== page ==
A faithfully integrative theology is always conceived and articulated in cultural context, whether that context is Boston, Beirut, or Beijing. For biblical illustration of this inescapable fact, one notes how Paul shaped his sermons and speeches for specific contexts. An examination of his sermons in Acts 13 (to Jewish Diaspora), Acts 14 (to rural animists), Acts 17 (to the cultural elite of the Areopagus), and his testimonies in Acts 22 (Jewish patriots) and Acts 26 (to the cultural elite of Syria-Palestine) reveal Paul's conscious and consistent determination to communicate the gospel in a contextually appropriate manner.
Further, cultural context is not an evil the theologian seeks to escape. God himself established culture when he created his imagers with culture-making capacities and told them to be fruitful, till the soil, and practice dominion. These inherently social and cultural commands, combined with the social and cultural nature of the eternal state (Rev 21, 22), assure us that the deeply cultural nature of human existence is something to be embraced rather than avoided.
The biblical testimony leads us to believe that theologians must affirm that God has woven "culture" into the fabric of human life, that theology is done in the midst of human culture and by means of cultural realities such as human language, and that the theologian must critically recognize the human rebellion and idolatry that has marred his cultural context precisely because his theology is crafted in the midst of, and for the sake of, that context. If one's theology is to be appropriately contextual, it must be crafted faithfully, meaningfully, and dialogically.
Exegeting your community is how you go about understanding the needs and expectations that the people living in your community have. It is from developing this understanding that you are able to know how to best impact your neighborhoods. Last week I had the pleasure of listening to Nicholas Smith share about some of the ways that his church is meeting the needs of the surrounding communities. As he was discussing how they come up with new ways to serve their communities, he stopped... looked at those of us listening to him, and said "sometimes we need to stop praying and go outside to talk to some people." That is the very essence of exegeting your community.
The key to doing this well is being flexible, willing to learn, and moving on what you learn. Hours spent researching your community and learning what makes it tick will ultimately be worthless if you are unwilling to make the strategic shifts necessary to act on the wisdom you have gained. How do you gain this wisdom? I believe it is slightly different for every neighborhood, but here are some basic suggestions that can help you get started:
• Camp Out
• Meet the Mayor(s)
• Know the Players
• Be Nosey
Leaders often wonder why they can't get traction in making the changes they know are necessary. They articulate a new vision. They change a few policies. They might even replace a few key people.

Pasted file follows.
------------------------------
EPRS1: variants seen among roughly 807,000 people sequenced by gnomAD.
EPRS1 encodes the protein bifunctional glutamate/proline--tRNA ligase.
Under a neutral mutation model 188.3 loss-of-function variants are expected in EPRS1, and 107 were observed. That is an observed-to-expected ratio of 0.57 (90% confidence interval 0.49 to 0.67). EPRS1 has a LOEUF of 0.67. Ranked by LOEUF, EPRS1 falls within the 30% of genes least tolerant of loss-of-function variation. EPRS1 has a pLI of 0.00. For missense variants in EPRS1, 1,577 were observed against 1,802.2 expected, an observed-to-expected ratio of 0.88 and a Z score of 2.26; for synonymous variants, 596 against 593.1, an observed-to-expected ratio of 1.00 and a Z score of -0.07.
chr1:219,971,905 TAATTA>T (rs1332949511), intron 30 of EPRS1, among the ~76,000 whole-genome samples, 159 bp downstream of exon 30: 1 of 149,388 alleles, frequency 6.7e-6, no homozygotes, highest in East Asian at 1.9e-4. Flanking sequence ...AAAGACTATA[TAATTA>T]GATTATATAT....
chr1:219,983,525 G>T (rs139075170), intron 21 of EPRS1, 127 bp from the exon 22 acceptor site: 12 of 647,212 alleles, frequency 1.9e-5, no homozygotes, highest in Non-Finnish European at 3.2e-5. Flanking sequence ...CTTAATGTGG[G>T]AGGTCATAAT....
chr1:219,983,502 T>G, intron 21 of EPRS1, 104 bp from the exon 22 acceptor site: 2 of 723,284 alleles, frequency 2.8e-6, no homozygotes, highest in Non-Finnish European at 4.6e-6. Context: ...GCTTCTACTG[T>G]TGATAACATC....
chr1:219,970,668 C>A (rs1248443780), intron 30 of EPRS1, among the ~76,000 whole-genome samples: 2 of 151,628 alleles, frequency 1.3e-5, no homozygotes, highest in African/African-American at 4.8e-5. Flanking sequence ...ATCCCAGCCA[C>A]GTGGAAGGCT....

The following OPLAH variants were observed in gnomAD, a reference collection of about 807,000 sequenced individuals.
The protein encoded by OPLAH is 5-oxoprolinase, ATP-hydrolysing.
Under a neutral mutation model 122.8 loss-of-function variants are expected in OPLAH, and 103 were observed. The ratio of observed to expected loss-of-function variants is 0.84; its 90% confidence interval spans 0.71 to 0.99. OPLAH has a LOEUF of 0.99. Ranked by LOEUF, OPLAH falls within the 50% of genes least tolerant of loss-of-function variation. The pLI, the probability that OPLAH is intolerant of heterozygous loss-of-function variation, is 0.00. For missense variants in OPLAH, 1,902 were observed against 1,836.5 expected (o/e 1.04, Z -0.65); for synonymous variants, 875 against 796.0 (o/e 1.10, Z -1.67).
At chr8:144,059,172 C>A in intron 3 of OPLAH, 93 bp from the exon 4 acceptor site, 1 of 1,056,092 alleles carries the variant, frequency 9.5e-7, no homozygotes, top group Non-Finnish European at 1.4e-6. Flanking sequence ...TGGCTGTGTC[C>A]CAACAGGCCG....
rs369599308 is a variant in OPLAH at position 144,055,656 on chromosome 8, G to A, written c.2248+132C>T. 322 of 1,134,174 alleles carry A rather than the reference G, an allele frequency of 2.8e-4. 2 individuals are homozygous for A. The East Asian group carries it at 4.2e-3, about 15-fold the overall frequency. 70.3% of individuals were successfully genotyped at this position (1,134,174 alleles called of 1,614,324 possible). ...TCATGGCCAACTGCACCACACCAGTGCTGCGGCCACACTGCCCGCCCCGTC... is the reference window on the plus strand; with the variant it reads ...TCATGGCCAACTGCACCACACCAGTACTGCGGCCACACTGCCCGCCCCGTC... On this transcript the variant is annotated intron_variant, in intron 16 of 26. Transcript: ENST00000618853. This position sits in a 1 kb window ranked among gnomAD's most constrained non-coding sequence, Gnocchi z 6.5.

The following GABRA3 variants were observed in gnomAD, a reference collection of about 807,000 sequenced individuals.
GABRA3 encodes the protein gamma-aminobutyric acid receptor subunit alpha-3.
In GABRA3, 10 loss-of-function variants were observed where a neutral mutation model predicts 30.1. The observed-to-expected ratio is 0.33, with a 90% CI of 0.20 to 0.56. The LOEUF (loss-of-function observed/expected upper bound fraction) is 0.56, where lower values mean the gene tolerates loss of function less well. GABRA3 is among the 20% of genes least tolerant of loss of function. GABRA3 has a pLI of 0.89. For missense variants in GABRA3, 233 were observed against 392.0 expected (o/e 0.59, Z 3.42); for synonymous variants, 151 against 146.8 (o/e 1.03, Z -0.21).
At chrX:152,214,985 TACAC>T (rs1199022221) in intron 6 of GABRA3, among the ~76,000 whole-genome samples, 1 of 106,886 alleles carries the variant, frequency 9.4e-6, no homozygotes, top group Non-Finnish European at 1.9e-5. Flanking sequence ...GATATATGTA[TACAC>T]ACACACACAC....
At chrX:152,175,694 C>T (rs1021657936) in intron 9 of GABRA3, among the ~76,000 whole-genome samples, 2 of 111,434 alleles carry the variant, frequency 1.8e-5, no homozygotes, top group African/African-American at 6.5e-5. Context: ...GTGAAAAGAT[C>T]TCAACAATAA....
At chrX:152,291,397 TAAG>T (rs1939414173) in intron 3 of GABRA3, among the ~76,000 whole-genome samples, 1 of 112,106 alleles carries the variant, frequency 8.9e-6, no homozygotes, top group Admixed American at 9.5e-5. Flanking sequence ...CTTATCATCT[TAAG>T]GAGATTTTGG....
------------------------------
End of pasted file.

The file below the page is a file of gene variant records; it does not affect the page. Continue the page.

But nothing substantive changes. The problem is that culture is largely invisible to those inside of it. It's like water to a fish or air to a bird. It's simply the environment we live in.
Based on my experience, here are six steps you can take to change the culture of your own business, church, or ministry:
1. Become aware of the culture
2. Assess your current culture
3. Envision a new culture
4. Share the vision with everyone
5. Get alignment from your leadership team
6. Model the culture you want to create
One of the most significant trends in American churches the past 25 years has been the migration of people from smaller churches to larger churches. We will be providing more information in the future about this movement. The implications are significant and should not be ignored.
In my own denomination of some 46,000 churches and 16 million members, the concentration of people to larger churches is a clear and present reality. Look at some of these statistics that give evidence to this phenomenon.
• Less than one-half of one percent of these churches report an average worship attendance of 2,000 or more, but 12.6% of the total attendance of the denomination is now concentrated in these relatively few churches.
• Only 1.5% of all these churches have an attendance of 1,000 or more, but 22.2% of the total denominational attendance is in these congregations.
• Only 4.4% of the churches have an attendance of 500 or more, but 35.3% of the attendance of 46,000 churches is concentrated in just those few churches.
The first obvious question is "Why?" Why are people in increasing numbers stating a clear preference for larger churches? At this point most of our evidence is anecdotal, but we believe we can offer some reasons that will likely supported by more objective future research.
• The migration of the U.S. population to cities and other areas of greater population.
• The smaller church is not as likely to be the hub of the community as it once was.
• The multi-campus church model is opening the door for even larger churches.
• The church attendee is demanding quality that many small churches cannot afford.
• The larger church tends to attract leaders with they type of communication and leadership skills that in turn attracts more people.